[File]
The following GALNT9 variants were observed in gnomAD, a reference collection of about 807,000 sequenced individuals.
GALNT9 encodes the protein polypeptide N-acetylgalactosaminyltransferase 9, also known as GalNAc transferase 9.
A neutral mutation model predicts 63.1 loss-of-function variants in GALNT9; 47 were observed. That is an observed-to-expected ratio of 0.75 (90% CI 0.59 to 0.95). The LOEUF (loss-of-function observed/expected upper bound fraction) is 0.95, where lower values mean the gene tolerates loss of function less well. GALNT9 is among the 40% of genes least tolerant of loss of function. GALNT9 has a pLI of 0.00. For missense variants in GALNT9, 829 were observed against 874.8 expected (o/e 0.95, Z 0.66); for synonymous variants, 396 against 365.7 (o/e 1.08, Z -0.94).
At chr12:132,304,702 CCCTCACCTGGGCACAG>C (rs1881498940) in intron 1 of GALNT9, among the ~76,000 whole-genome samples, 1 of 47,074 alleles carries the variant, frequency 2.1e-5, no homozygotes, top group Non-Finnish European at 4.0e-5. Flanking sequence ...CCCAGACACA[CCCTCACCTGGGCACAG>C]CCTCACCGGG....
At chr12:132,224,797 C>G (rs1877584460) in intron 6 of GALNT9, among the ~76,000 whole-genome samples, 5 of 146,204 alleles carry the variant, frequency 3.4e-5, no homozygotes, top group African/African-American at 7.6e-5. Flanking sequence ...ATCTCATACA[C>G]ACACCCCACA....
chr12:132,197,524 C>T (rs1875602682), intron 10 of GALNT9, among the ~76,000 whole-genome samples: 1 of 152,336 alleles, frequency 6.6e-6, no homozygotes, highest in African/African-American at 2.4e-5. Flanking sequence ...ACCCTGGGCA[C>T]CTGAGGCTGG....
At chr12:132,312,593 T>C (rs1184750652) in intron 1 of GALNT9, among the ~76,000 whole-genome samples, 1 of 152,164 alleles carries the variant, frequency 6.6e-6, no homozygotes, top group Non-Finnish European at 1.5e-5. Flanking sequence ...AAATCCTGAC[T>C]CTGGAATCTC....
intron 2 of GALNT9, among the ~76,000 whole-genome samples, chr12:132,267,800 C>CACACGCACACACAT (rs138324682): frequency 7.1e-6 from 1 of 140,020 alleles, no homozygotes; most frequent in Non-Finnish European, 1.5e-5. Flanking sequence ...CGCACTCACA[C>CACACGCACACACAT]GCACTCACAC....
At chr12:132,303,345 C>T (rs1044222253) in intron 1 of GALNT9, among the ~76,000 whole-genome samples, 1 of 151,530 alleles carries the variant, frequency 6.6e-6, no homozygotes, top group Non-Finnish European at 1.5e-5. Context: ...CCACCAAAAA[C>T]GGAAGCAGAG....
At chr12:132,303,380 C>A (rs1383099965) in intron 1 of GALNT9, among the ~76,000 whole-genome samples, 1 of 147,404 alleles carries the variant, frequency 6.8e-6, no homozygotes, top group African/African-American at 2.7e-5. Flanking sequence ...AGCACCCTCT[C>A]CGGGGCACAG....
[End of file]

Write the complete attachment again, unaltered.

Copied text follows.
The following GALNT9 variants were observed in gnomAD, a reference collection of about 807,000 sequenced individuals.
GALNT9 encodes the protein polypeptide N-acetylgalactosaminyltransferase 9, also known as GalNAc transferase 9.
A neutral mutation model predicts 63.1 loss-of-function variants in GALNT9; 47 were observed. That is an observed-to-expected ratio of 0.75 (90% CI 0.59 to 0.95). The LOEUF (loss-of-function observed/expected upper bound fraction) is 0.95, where lower values mean the gene tolerates loss of function less well. GALNT9 is among the 40% of genes least tolerant of loss of function. GALNT9 has a pLI of 0.00. For missense variants in GALNT9, 829 were observed against 874.8 expected (o/e 0.95, Z 0.66); for synonymous variants, 396 against 365.7 (o/e 1.08, Z -0.94).
At chr12:132,304,702 CCCTCACCTGGGCACAG>C (rs1881498940) in intron 1 of GALNT9, among the ~76,000 whole-genome samples, 1 of 47,074 alleles carries the variant, frequency 2.1e-5, no homozygotes, top group Non-Finnish European at 4.0e-5. Flanking sequence ...CCCAGACACA[CCCTCACCTGGGCACAG>C]CCTCACCGGG....
At chr12:132,224,797 C>G (rs1877584460) in intron 6 of GALNT9, among the ~76,000 whole-genome samples, 5 of 146,204 alleles carry the variant, frequency 3.4e-5, no homozygotes, top group African/African-American at 7.6e-5. Flanking sequence ...ATCTCATACA[C>G]ACACCCCACA....
chr12:132,197,524 C>T (rs1875602682), intron 10 of GALNT9, among the ~76,000 whole-genome samples: 1 of 152,336 alleles, frequency 6.6e-6, no homozygotes, highest in African/African-American at 2.4e-5. Flanking sequence ...ACCCTGGGCA[C>T]CTGAGGCTGG....
At chr12:132,312,593 T>C (rs1184750652) in intron 1 of GALNT9, among the ~76,000 whole-genome samples, 1 of 152,164 alleles carries the variant, frequency 6.6e-6, no homozygotes, top group Non-Finnish European at 1.5e-5. Flanking sequence ...AAATCCTGAC[T>C]CTGGAATCTC....
intron 2 of GALNT9, among the ~76,000 whole-genome samples, chr12:132,267,800 C>CACACGCACACACAT (rs138324682): frequency 7.1e-6 from 1 of 140,020 alleles, no homozygotes; most frequent in Non-Finnish European, 1.5e-5. Flanking sequence ...CGCACTCACA[C>CACACGCACACACAT]GCACTCACAC....
At chr12:132,303,345 C>T (rs1044222253) in intron 1 of GALNT9, among the ~76,000 whole-genome samples, 1 of 151,530 alleles carries the variant, frequency 6.6e-6, no homozygotes, top group Non-Finnish European at 1.5e-5. Context: ...CCACCAAAAA[C>T]GGAAGCAGAG....
At chr12:132,303,380 C>A (rs1383099965) in intron 1 of GALNT9, among the ~76,000 whole-genome samples, 1 of 147,404 alleles carries the variant, frequency 6.8e-6, no homozygotes, top group African/African-American at 2.7e-5. Flanking sequence ...AGCACCCTCT[C>A]CGGGGCACAG....